Mays Market Report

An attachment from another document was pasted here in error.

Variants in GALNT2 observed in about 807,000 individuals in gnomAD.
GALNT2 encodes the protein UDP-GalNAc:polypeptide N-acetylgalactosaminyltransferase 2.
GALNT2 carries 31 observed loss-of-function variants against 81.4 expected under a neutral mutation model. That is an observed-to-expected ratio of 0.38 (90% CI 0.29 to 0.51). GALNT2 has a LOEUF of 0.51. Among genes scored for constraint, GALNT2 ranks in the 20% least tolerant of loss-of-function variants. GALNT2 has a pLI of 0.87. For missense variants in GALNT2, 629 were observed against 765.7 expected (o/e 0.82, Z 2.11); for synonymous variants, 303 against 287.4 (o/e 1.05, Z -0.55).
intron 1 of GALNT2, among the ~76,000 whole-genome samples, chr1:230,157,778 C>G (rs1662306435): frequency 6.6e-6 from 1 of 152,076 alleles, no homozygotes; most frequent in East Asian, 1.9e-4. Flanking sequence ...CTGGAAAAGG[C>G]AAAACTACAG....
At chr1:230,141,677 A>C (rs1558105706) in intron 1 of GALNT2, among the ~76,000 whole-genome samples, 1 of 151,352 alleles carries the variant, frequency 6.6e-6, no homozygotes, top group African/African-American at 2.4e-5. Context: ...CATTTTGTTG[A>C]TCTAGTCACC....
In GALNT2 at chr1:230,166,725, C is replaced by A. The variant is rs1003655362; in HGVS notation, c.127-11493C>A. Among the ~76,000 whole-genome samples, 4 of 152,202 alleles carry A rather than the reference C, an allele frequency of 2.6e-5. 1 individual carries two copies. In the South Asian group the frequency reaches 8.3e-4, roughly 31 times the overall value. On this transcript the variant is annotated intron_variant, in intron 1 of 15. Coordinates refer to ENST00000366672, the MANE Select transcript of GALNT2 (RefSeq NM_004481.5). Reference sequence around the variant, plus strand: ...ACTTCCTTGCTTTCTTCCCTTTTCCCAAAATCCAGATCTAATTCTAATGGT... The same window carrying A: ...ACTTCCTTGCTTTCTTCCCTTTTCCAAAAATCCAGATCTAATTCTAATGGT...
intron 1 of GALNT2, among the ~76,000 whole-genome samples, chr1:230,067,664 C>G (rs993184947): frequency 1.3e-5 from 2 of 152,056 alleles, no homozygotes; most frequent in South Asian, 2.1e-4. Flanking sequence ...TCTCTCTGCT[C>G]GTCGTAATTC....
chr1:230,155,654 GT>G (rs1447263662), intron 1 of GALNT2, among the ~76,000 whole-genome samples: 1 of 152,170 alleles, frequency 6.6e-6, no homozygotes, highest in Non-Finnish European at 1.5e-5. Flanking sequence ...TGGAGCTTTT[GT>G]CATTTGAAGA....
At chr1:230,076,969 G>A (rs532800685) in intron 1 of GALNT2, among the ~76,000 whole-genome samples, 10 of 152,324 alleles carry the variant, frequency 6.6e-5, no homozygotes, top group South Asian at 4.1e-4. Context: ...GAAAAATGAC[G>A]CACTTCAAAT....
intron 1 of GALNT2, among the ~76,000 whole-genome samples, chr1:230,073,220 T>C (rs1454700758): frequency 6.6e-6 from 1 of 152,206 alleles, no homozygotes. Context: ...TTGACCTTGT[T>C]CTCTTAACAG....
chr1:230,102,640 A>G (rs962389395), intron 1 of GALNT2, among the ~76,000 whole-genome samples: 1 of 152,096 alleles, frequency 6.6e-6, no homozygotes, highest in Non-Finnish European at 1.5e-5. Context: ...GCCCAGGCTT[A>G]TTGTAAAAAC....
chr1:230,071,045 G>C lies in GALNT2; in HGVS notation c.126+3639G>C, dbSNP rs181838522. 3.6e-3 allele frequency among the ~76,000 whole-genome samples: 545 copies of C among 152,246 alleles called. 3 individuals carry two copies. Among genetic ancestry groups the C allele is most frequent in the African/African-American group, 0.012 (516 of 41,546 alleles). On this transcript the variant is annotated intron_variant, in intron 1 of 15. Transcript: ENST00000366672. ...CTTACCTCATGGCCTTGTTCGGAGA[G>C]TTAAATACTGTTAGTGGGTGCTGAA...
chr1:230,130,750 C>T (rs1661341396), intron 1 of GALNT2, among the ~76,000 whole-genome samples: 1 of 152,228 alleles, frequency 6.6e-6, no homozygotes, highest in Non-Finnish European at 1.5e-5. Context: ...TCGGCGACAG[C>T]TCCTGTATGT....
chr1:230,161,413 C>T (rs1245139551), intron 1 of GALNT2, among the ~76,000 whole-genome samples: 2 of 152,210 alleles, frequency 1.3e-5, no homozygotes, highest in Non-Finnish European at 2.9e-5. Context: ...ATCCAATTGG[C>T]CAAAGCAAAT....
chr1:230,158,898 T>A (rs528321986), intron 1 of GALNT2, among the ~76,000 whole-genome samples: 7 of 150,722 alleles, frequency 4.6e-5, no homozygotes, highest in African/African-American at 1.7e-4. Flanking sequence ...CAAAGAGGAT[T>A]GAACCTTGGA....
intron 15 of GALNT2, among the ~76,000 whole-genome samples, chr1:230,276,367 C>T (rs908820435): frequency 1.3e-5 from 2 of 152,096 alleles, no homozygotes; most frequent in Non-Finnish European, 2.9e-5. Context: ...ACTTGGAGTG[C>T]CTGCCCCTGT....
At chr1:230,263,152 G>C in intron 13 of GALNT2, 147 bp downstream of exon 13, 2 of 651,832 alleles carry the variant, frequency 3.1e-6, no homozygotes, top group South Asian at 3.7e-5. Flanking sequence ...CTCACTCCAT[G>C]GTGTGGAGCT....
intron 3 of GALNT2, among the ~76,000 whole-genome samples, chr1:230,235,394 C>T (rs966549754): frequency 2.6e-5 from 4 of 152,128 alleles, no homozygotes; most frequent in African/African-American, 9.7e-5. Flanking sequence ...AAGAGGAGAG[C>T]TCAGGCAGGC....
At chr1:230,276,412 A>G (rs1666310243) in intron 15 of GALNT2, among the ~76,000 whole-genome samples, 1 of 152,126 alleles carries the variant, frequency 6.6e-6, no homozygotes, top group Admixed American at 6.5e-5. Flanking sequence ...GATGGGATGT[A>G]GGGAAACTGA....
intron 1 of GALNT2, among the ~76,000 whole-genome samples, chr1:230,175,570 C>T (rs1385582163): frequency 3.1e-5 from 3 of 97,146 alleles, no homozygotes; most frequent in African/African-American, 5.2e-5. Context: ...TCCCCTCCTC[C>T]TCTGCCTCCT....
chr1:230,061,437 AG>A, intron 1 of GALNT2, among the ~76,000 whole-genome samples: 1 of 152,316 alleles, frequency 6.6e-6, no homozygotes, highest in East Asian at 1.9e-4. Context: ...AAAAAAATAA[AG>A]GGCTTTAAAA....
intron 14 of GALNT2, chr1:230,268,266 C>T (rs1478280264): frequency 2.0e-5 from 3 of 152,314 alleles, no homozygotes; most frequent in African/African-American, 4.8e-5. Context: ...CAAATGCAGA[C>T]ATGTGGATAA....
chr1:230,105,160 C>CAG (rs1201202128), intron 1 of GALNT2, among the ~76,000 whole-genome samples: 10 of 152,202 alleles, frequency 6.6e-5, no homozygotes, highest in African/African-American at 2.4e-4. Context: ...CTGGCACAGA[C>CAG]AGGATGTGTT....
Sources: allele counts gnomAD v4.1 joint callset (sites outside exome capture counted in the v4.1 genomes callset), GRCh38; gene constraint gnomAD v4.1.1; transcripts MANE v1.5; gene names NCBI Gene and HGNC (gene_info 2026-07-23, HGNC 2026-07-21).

Having fun yet? Well, yesterday was election day across the state and not much changed really. There will obviously be a bigger impact in November but even that isn’t likely to change much locally. Our IE economy is doing pretty well, albeit slowly. At our annual SRCAR Breakfast with the City Managers, the CM’s from 8 cities shared their progress and vision at meetings in Murrieta and Hemet. There’s a lot going on here including commercial and retail development, transportation and infrastructure improvements and somewhere in excess of 15,000 new housing units either under construction or in the planning stages. Very encouraging. Our local housing market has had its share of up’s and down’s so far this year. Sales down, prices down; sales way up, prices down; sales way down, prices up; what’s next? In January our month-to-month (mtm) sales dropped 25% from December and our median price fell 1%. February sales picked up 1% but prices fell another ½%. March spiked up 29% in sales and prices increased 4%. For some reason, April home sales dropped 9% in what has traditionally been a growth month. April sales were slow across all of California even though they were very strong in most of the rest of the country. Historically, local sales should increase every month from now thru July or August. This year? Who knows? May sales picked up 14% and medians were up 4% mtm. That puts our year-to-date sales volume 2% ahead of 2015 (4,302 / 4,396) and keeps our median price 7% ahead of this point in 2015 ($295,647 / $316,510) for the region. Individual cities may vary. You already know the Fed has waffled on raising interest rates this month. We talked about that a couple months back – just when the economy appears to be getting strong enough to weather a rate hike, some part of it tanks again and we’re reminded just how fragile and potentially illusory our recovery really is. The jobs report for May was dismal. Even the cooked books of the Labor Department could only find 38,000 new jobs in May. And that was after they ‘adjusted’ March and April numbers down 59,000 jobs. Here’s three different reads of the same report – using terms like ‘Drastic’ and ‘Bleak’, one department said “That 38,000 jobs is the fewest since 2010”. The department across the hall said “But the unemployment rate dropped to 4.7%, the lowest it’s been since November, 2007. Isn’t that great?” Then another department chimed in, “We only got to 4.7% unemployment because 458,000 more Americans gave up trying.” Pick your own spin on this one. While consumers seem to be spending more, consumer confidence was down in May and GDP results so far this year have been underwhelming. Housing remained a bright spot in some ways with the National Association of Realtors® reporting home sales at a 10 year high across the country and prices rebounding to within 4% of their pre-recession level. Of course that’s for markets that only declined 30%. In markets like ours that dropped 60%, there’s still a ways to go. Two problems with the housing market to keep an eye on. One problem is that low inventory and decent demand is driving prices ever higher reducing affordability. That is keeping a lot of people out of the market as first timers just can’t afford a home and people who lost their homes before are getting priced and regulated out. Investors left long ago. Inventory remains very low – 6 of our 9 cities currently have an inventory of less that 2 months! Only Canyon Lake has an inventory that would be considered ‘normal’ by normal standards – 6.2 months. This is creating a second problem that is just starting to be explored in many areas. More builders are building homes for the upper end client – expensive homes that are selling well and more profitably to people who have actually benefitted from the Obama economy, and not enough lower end homes for people who barely qualify and where the profit margin is slim. Even in our area many of the homes in the pipeline would qualify as moderate and higher developments – and why not? With higher coastal prices continuing to drive population our way in search of affordable homes, is it any wonder our local ‘affordable’ homes are pushing the marginally qualified even further inland? Or out of state? The good news is – only 5 more months until this interminable campaign season ends.
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